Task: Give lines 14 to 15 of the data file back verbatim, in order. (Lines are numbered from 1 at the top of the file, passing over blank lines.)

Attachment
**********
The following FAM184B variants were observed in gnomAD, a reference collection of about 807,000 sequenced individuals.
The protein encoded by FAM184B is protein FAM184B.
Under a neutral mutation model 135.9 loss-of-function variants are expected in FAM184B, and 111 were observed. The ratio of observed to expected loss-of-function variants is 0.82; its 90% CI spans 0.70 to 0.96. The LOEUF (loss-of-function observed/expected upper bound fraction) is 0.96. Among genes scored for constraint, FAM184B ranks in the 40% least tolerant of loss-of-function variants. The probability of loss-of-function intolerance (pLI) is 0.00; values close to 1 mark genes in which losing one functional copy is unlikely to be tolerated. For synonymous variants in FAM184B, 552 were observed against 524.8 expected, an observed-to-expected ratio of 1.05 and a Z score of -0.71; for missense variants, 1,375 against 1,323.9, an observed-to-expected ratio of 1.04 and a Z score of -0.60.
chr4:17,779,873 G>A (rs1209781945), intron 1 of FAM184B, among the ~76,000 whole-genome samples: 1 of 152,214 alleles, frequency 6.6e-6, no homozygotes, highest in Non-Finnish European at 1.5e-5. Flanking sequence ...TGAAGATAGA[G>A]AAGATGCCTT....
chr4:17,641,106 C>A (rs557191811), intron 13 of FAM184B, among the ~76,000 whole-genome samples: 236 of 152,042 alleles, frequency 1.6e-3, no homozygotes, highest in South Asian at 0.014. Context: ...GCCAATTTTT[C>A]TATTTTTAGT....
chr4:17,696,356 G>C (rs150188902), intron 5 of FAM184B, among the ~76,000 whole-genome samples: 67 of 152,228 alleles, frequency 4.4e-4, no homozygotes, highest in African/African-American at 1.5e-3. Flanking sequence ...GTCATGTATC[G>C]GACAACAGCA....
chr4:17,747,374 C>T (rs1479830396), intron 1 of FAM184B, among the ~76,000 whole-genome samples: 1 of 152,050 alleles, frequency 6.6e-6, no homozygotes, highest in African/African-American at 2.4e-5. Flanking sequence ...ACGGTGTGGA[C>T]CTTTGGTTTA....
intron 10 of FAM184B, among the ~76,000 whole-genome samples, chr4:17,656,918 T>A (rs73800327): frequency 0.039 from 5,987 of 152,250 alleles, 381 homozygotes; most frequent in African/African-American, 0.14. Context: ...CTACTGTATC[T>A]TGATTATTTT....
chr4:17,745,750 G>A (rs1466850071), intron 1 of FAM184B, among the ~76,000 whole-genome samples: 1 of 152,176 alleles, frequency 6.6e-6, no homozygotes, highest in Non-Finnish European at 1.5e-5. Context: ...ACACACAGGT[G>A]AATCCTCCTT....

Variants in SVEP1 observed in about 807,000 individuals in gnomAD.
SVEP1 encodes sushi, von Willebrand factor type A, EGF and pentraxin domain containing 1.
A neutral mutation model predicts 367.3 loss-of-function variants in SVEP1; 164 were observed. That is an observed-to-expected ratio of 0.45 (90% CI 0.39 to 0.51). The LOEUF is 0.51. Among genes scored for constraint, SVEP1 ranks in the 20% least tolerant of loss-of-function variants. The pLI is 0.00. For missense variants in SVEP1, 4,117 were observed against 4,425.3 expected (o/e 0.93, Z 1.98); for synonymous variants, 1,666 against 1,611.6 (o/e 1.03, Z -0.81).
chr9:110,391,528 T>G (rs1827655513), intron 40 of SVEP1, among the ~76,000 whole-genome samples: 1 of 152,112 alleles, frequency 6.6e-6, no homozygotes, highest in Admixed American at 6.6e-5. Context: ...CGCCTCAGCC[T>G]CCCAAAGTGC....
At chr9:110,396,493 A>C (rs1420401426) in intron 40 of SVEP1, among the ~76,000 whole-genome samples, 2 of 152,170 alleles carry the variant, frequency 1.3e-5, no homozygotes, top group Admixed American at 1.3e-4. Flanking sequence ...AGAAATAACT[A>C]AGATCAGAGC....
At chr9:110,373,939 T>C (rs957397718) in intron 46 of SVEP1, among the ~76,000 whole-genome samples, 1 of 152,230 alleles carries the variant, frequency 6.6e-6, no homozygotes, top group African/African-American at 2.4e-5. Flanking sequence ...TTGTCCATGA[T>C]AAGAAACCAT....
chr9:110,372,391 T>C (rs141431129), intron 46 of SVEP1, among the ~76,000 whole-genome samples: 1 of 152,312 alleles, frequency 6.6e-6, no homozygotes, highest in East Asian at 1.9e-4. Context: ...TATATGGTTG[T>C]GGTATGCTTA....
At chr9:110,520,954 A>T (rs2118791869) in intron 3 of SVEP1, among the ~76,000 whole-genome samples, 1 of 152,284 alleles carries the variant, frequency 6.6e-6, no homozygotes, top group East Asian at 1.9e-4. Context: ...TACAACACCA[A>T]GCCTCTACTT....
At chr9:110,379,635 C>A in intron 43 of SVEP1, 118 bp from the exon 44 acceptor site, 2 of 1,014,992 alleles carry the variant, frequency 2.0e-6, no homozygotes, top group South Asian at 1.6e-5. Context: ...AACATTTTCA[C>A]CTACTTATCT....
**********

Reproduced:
At chr9:110,396,493 A>C (rs1420401426) in intron 40 of SVEP1, among the ~76,000 whole-genome samples, 2 of 152,170 alleles carry the variant, frequency 1.3e-5, no homozygotes, top group Admixed American at 1.3e-4. Flanking sequence ...AGAAATAACT[A>C]AGATCAGAGC....
At chr9:110,373,939 T>C (rs957397718) in intron 46 of SVEP1, among the ~76,000 whole-genome samples, 1 of 152,230 alleles carries the variant, frequency 6.6e-6, no homozygotes, top group African/African-American at 2.4e-5. Flanking sequence ...TTGTCCATGA[T>C]AAGAAACCAT....